In his interview with Moscow’s Vremya Novostei newspaper, Pifer denied claims that U.S. officials had met with Yandarbiyev last year. Russian President Vladimir Putin had made such a statement last fall.
Last week, in a news conference with Russian Foreign Minister Sergei Lavrov, CNN asked whether Russia believes it has the right to pursue or assassinate terrorists living outside of Russia.
Lavrov refused to directly answer, saying the question was “not for Russia” but should be considered “in light of actions by Israel in the occupied Palestinian territories.”
And the Russians are pointing fingers!
All this brings “nostalgia” for the cold war and for the PLO-Mossad war of the 1970s. Assassinations, bungled assassinations, arrests of agents, denials, and finger-pointing all used to occur with regular frequency at that time.
I can’t recall any specific cold war case which would be similar but one of the bungled attempts on the Black September guys I remember reading recently in Benny Morris’ Righteous Victims: A History of the Zionist-Arab Conflict, 1881-2001. Here is some more info about that specific case and other related Mossad assassination attempts.
In Lillehammer, Norway, on 07 January 1974, Mossad agents mistakenly killed Ahmad Boushiki, an Algerian waiter carrying a Moroccan passport, whom they mistook for PLO security head Ali Ahmad Salameh, believed to have masterminded the 1972 massacre of Israeli athletes at the Munich Olympics [Salameh was killed in a 1979 car-bomb explosion in Lebanon]. Following the attack, the Mossad agents were arrested and tried before a Norwegian court. Five Israeli agents were convicted and served short jail sentences, though Israel denied responsibility for the murder. In February 1996, the Israeli government agreed to compensate the family of Ahmad Boushiki.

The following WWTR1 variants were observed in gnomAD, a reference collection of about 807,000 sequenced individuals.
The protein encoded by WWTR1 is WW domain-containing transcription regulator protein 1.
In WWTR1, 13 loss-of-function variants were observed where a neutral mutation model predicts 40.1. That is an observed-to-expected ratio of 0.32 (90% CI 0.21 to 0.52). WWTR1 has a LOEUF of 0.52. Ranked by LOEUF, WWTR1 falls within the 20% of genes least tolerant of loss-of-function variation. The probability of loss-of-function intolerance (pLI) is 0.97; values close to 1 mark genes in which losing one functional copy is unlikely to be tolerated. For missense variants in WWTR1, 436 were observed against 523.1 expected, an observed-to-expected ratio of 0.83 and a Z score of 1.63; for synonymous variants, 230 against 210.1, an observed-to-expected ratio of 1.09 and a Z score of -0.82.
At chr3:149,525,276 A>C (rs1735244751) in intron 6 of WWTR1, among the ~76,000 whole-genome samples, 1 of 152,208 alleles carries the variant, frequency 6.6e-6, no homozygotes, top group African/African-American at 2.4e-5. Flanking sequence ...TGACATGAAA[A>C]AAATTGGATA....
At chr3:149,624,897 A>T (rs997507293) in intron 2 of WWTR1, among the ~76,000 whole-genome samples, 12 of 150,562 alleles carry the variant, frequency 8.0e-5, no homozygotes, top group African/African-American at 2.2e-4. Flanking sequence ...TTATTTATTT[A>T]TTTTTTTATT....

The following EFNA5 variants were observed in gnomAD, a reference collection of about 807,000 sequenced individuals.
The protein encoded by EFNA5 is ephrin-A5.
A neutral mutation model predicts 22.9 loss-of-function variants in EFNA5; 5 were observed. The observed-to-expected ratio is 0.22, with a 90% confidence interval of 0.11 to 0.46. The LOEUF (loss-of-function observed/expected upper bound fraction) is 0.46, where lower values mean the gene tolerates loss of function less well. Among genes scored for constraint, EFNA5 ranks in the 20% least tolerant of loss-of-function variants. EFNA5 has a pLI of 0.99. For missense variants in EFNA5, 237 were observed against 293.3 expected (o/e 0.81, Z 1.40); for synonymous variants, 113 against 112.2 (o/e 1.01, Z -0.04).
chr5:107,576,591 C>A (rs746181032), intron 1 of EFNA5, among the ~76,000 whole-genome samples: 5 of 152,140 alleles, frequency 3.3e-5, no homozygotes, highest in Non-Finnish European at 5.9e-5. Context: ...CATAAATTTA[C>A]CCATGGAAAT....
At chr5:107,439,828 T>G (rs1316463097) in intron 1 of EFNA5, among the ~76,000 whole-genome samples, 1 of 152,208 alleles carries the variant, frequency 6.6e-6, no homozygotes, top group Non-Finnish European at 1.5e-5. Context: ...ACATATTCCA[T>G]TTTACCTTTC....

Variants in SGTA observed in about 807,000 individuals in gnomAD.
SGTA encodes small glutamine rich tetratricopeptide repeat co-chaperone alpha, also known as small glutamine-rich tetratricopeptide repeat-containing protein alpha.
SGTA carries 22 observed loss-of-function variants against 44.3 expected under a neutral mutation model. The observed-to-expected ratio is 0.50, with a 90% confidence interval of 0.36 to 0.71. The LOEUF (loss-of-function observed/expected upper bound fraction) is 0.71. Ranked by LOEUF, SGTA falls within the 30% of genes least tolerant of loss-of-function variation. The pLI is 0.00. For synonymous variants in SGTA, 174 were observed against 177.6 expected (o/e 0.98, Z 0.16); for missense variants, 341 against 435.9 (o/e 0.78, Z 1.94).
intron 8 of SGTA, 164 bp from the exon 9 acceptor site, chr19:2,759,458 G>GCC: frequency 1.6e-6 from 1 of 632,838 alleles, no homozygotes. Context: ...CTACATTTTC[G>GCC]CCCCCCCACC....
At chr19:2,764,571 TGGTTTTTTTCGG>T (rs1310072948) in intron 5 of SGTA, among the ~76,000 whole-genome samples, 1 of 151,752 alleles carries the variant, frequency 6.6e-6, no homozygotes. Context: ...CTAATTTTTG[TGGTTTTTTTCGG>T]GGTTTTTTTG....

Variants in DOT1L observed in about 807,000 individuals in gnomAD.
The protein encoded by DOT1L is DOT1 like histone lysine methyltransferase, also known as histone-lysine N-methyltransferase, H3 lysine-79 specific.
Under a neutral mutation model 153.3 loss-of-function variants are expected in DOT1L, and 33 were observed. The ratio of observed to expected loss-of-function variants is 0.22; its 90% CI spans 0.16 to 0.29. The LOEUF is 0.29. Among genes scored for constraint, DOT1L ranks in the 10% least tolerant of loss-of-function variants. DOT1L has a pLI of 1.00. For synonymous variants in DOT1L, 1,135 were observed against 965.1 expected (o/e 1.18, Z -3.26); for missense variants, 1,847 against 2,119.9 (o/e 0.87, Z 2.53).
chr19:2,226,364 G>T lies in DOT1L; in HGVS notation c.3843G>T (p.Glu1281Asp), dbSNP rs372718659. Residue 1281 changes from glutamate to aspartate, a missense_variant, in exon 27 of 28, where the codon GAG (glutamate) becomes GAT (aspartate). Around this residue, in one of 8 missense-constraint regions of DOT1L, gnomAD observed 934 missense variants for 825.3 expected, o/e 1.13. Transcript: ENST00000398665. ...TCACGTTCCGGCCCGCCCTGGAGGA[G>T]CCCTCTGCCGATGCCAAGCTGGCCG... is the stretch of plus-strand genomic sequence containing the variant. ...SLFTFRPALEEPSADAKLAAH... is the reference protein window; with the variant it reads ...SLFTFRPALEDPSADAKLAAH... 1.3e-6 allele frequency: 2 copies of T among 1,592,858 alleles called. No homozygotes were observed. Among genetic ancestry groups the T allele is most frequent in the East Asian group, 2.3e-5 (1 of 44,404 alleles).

[…] On 24 September 1997, Mossad operatives attempted to assassinate Khalid Meshaal, a top political leader of the Palestinian group Hamas. The assassins entered Jordan on fake Canadian, and injected Meshaal with a poison. Jordan was able to wring a number of concessions out of Israel in the aftermath of the fiasco, including the release of the founder of Hamas, Shaykh Ahmad Yasin, from an Israeli jail.
Ephraim Halevy, a nephew of the late Sir Isaiah Berlin [who helped to negotiate a peace deal with Jordan], became the new head of Mossad after two bungled operations led to the arrests of agents in Switzerland and Jordan.
Any cold war or legal history buff (Jonathan?) have any more cases of assassins from intelligence agencies getting caught or even punished?
POSTSCRIPT: The Qatari wrestlers were released and a Russian displomat who was briefly detained with the other two Russians has been expelled from Qatar. Also, the two Russian intelligence agents are going to have a multinational defense team of Russian, American and British lawyers. Their defense lawyers include former U.S. Attorney General Dick Thornburgh and a former U.S. ambassador to the UN Human Rights Commission, Jerome Shestack.